Hydroelectricity is a cornerstone of the energy sector in many Canadian provinces, and particularly in Quebec. Increased bioaccumulation of the neurotoxin methylmercury (MeHg) in fish in large hydro-electric reservoirs have been identified as environmental issues for decades in this sector.
In Canada, these issues most often affect First Peoples. Here we propose to tackle new unexpected challenges linked to mercury in partnership with Atikamekw, Innu and Inuit communities, Hydro-Quebec, Innergex and academic partners.
These challenges focus on the following questions:
(1) what is the the combined impact of run-of-river plants and landscape disturbances (logging and wildfire) on Hg contamination of food webs?
(2) How will new northern run-of-river power plants affect permafrost degradation and Hg cycling?
(3) What is the impact of recently described winter production of MeHg in large dammed rivers and MeHg bioavailability in their estuaries?
(4) Can we modify human MeHg exposure through food preparation?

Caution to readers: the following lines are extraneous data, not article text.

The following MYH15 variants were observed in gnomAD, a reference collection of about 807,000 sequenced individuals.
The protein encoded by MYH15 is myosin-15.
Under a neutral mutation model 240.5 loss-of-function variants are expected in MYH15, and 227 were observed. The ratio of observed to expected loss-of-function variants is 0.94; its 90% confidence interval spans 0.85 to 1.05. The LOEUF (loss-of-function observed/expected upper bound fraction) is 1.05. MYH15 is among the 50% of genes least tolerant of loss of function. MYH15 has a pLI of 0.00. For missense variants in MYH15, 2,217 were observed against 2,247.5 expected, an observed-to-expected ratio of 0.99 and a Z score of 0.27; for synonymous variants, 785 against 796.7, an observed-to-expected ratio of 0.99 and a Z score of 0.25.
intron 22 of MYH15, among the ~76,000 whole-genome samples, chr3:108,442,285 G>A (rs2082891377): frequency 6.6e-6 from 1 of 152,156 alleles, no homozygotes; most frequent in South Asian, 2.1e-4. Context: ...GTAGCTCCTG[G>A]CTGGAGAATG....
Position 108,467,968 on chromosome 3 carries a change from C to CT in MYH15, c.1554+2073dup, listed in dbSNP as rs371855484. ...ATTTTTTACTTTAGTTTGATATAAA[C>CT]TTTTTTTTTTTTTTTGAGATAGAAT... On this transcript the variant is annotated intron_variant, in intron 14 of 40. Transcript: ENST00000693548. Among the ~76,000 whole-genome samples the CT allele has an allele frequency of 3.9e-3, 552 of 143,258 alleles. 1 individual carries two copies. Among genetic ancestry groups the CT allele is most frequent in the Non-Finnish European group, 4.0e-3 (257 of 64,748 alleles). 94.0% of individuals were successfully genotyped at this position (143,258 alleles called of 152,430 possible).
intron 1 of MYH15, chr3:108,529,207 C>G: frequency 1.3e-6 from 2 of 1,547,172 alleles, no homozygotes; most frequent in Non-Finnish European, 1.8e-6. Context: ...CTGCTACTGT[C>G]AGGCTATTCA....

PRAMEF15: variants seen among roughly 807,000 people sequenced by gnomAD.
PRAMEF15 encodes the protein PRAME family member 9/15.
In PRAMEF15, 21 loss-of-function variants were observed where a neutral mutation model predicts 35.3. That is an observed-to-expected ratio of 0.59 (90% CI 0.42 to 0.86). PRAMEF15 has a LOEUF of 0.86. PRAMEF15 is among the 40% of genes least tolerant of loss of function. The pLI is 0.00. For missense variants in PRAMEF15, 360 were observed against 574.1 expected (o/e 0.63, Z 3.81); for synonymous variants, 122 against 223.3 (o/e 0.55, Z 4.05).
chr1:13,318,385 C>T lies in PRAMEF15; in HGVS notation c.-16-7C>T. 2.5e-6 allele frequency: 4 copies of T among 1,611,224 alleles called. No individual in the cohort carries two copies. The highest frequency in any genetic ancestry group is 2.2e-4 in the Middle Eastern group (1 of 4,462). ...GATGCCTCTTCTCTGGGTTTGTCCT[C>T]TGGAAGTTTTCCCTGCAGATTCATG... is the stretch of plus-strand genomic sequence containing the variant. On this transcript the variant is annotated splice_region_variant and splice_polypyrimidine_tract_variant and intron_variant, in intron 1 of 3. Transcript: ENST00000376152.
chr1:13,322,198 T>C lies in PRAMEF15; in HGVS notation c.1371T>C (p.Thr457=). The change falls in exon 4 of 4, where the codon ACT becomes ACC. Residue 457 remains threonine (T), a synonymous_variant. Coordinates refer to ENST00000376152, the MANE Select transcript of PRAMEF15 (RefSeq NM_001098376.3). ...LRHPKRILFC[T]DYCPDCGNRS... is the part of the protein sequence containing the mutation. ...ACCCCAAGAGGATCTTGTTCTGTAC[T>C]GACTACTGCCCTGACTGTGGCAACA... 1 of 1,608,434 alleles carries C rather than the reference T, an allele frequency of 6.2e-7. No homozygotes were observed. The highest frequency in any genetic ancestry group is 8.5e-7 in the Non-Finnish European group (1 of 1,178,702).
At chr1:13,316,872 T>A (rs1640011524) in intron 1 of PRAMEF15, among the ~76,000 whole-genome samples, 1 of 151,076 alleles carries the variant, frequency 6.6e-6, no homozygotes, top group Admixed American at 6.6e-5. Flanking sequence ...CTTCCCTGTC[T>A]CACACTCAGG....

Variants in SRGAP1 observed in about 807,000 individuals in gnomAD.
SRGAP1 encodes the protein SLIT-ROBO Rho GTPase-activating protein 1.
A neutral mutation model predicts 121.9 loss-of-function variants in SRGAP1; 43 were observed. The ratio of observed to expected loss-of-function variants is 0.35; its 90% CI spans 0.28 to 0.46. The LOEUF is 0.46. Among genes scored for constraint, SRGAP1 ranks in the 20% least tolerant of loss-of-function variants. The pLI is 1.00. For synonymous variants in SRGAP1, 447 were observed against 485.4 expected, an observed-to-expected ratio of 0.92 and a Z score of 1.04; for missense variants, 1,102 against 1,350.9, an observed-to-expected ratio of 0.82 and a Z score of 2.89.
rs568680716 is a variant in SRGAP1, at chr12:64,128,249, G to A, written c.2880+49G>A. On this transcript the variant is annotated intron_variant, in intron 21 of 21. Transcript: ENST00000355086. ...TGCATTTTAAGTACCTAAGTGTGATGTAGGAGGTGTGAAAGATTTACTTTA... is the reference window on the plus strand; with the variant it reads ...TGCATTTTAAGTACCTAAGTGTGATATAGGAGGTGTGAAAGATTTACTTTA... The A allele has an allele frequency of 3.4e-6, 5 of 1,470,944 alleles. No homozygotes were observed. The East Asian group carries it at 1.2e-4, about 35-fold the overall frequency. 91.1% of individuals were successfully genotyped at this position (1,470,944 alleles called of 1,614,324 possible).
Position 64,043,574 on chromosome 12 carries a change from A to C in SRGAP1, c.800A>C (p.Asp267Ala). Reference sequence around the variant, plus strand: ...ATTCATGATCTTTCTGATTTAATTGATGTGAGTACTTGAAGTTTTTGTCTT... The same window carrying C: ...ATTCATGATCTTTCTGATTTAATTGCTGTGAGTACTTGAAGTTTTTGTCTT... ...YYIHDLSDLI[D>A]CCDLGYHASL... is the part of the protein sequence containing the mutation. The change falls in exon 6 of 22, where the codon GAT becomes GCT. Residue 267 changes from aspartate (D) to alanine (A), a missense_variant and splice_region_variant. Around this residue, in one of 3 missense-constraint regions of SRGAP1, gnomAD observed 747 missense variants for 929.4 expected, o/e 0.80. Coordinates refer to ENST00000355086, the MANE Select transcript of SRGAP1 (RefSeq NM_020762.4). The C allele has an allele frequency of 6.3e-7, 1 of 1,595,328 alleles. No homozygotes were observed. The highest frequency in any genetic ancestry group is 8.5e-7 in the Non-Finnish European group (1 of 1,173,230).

This project has been co-constructed with communities to maximize EDI, integrate community concerns and needs, share knowledge, and provide direct benefits to them. We have assembled a team of academics recognized for their work in mercury and carbon biogeochemistry, permafrost physics, genomics, microbiology, analytical chemistry and food web dynamics. This project will promote Indigenous community involvement in research, and cooperation with utilities. The knowledge gained by the hydroelectric sector through this grant will help develop strategies to decrease its Hg footprint and protect wildlife and human communities. This will increase competitiveness against other power utilities using other energy sources. It will also increase the exportability of hydroelectrical technologies and know-how on the global market.